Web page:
As I mulled this over, I realized how very obvious it was. The cause of abortions is unwanted pregnancies. If you get rid of unwanted pregnancies the number of people who seek abortions will drop like a rock. Simply banning abortion leaves women stuck with unwanted pregnancies. Banning abortion doesn’t make those pregnancies wanted. Many women in a situation like that will be willing to do anything to end that pregnancy, even if it means trying to induce their own abortions (say, with a coat hanger or by drinking chemicals) or seeking out illegal abortions. I realized that the real way to reduce abortion rates, then, was to reduce the number of unwanted pregnancies. And the way to do that is with birth control, which reduces the number of unwanted pregnancies by allowing women to control when and if they become pregnant. …

Beyond opposing birth control, the PLAC movement is also anti-scientific in the sense of their opposition to Planned Parenthood having any relation to fetal tissue research. Despite the noise and gross rhetoric coming from the PLAC, what is happening is that sometimes, with the consent of the patient, Planned Parenthood will donate fetal tissue to research organizations for the purposes of finding medical cures. Fortunately, while some in the PLAC movement are calling for such research to be outlawed, the record is clear that even many of their political allies support such research, and the scientific community is rallying around protecting the vital, life-saving work.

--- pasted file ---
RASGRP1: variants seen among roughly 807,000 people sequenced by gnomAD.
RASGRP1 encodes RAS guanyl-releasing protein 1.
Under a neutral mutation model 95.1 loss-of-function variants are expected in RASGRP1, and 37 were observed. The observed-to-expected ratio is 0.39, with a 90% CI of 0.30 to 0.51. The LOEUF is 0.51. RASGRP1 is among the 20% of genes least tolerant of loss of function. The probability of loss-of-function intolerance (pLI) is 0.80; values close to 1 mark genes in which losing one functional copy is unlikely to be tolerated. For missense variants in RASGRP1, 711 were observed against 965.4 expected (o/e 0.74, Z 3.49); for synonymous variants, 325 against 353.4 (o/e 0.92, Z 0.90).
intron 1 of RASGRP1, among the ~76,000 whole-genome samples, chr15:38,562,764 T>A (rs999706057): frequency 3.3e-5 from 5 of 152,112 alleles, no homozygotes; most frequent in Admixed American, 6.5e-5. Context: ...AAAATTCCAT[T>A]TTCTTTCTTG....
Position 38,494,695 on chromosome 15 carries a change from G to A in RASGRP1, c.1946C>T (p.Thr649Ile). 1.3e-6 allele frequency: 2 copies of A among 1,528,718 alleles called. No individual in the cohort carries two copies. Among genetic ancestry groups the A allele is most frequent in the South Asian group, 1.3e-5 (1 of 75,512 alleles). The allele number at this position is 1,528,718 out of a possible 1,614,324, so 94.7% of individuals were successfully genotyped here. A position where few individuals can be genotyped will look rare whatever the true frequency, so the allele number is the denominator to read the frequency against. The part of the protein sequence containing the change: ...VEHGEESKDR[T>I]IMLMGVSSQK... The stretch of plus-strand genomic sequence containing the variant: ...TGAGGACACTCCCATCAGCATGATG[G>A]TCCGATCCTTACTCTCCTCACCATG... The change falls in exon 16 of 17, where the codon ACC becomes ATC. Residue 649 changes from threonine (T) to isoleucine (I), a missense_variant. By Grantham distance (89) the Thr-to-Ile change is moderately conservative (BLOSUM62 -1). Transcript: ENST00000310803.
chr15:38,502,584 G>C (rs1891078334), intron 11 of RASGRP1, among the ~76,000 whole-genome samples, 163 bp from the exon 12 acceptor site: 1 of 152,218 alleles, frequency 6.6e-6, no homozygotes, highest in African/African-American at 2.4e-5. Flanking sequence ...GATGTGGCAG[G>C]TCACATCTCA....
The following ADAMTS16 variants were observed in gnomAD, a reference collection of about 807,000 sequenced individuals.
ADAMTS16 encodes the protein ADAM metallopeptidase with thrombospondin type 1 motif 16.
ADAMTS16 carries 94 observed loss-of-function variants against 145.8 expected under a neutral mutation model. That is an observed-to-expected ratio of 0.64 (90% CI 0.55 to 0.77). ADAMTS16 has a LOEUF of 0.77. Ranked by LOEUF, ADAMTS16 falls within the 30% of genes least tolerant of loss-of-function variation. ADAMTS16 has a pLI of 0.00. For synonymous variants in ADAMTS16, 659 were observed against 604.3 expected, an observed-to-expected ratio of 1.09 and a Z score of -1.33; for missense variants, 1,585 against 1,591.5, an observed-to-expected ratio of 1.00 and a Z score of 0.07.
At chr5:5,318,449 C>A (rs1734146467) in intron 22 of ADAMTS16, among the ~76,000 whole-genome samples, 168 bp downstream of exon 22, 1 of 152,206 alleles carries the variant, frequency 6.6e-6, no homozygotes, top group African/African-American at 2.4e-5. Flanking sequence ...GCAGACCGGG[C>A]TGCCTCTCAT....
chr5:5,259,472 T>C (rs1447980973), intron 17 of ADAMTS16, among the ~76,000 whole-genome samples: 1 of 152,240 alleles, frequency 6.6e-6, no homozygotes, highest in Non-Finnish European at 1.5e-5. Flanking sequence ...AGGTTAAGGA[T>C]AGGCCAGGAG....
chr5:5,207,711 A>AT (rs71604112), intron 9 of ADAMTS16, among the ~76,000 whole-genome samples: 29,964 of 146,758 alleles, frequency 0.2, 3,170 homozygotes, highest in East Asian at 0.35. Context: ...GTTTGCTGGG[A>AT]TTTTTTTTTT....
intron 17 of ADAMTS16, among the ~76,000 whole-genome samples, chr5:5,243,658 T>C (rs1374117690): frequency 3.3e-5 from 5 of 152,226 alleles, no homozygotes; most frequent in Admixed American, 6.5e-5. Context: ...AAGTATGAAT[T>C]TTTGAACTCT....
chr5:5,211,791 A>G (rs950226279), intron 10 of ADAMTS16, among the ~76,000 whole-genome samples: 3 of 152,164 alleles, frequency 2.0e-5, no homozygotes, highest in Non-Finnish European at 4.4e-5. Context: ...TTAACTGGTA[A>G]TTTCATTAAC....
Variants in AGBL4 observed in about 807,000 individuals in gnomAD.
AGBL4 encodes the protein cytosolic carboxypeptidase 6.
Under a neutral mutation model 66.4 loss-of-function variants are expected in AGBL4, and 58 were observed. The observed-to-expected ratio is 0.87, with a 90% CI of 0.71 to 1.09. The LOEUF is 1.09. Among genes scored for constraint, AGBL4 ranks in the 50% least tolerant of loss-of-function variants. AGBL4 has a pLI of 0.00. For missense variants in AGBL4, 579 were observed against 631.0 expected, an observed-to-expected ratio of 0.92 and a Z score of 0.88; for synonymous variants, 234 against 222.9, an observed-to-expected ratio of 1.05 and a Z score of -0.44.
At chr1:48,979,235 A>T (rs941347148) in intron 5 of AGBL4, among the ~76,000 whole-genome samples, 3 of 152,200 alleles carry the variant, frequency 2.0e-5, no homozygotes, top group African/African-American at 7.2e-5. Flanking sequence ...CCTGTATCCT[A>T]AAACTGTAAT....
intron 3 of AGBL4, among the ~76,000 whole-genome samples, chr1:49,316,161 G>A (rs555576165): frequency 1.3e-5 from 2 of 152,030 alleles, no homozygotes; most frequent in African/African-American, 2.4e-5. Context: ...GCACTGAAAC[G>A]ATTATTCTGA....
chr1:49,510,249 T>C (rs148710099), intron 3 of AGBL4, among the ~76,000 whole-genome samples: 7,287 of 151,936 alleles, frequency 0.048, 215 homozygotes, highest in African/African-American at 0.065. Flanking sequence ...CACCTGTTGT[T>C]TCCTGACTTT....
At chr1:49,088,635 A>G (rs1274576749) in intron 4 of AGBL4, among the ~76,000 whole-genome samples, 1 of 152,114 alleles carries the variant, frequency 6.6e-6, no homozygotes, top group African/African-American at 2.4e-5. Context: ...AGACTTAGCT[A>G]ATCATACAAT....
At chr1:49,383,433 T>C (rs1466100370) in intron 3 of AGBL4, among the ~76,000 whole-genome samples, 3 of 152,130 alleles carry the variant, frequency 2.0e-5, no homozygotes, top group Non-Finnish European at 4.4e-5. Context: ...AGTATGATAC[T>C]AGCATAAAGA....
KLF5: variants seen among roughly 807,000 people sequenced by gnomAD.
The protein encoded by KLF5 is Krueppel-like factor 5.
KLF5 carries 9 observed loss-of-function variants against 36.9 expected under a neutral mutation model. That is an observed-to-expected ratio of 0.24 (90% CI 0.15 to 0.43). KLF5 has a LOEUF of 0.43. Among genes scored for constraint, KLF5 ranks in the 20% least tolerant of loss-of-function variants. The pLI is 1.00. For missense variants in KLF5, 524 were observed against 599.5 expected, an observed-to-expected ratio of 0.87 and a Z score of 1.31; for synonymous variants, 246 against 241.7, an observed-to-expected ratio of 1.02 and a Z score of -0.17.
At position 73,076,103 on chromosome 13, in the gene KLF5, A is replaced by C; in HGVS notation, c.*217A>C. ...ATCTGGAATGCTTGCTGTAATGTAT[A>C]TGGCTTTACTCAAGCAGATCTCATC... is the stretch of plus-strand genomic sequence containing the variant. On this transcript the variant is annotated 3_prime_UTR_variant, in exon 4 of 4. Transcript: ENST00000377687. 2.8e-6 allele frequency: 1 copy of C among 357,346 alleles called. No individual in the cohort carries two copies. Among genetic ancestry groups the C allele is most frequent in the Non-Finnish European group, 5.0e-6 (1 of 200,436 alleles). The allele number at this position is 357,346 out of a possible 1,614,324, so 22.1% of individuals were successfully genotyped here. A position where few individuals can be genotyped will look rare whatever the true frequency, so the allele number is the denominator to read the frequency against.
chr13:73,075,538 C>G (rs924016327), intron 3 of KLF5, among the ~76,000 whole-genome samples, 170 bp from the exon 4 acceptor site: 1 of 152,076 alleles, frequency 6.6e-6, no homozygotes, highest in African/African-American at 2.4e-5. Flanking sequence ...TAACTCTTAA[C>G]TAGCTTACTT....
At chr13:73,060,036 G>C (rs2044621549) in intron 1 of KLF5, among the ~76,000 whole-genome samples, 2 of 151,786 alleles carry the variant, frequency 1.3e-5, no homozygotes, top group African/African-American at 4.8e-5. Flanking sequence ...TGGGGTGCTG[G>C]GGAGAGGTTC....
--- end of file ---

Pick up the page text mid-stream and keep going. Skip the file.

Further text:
Last, but not least, is the inherent hypocrisy of the supposed “pro-life” side of the PLAC movement (hence the quotes). If the PLAC were really about “saving the unborn”, the following facts show how empty and vacuous are their real intentions. First, they do not care to advocate for any research into saving zygotes from miscarriages (what can arguably be called a “natural abortion”); again, from a former PLAC insider:

… A few months after reading Sarah’s article I came upon one by Fred Clark. In it, he argues that if those who oppose abortion really believe that every fertilized egg is a person we ought to see 5K fundraisers to save these zygotes. This is very much like what I said above, except that the focus here is whether the 50% of all zygotes – 50% of all fertilized eggs – that die before pregnancy even begins could be saved. Fred suggests that if the pro-life movement really is about saving unborn babies, and if those in the pro-life movement really do believe that life begins at fertilization, then pro-lifers really ought to be extremely concerned about finding a way to save all of these lives. But they’re not. …